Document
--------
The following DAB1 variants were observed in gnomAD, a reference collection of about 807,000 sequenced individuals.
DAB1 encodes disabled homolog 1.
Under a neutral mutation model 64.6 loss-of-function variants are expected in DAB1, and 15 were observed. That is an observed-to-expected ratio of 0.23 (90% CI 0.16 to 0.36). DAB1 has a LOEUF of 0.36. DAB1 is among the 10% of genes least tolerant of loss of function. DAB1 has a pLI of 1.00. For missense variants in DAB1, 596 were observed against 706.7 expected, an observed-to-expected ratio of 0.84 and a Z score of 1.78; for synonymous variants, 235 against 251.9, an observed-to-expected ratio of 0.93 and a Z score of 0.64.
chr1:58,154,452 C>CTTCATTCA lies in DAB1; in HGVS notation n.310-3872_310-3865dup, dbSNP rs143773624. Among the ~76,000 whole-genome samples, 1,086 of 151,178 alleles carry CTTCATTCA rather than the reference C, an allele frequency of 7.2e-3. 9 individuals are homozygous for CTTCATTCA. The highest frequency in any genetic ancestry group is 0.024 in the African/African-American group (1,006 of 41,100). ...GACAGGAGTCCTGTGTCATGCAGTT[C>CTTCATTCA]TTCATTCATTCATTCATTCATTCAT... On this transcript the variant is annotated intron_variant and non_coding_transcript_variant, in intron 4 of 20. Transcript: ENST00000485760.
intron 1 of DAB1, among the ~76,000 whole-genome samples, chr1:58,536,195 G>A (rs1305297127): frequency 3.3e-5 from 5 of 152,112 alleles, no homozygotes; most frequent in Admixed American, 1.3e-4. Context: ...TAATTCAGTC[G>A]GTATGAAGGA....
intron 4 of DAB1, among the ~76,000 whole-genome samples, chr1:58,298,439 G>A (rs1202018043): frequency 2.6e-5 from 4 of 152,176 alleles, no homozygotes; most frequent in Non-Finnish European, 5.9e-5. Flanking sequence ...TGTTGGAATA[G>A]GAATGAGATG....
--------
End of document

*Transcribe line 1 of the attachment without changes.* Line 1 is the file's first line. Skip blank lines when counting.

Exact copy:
The following DAB1 variants were observed in gnomAD, a reference collection of about 807,000 sequenced individuals.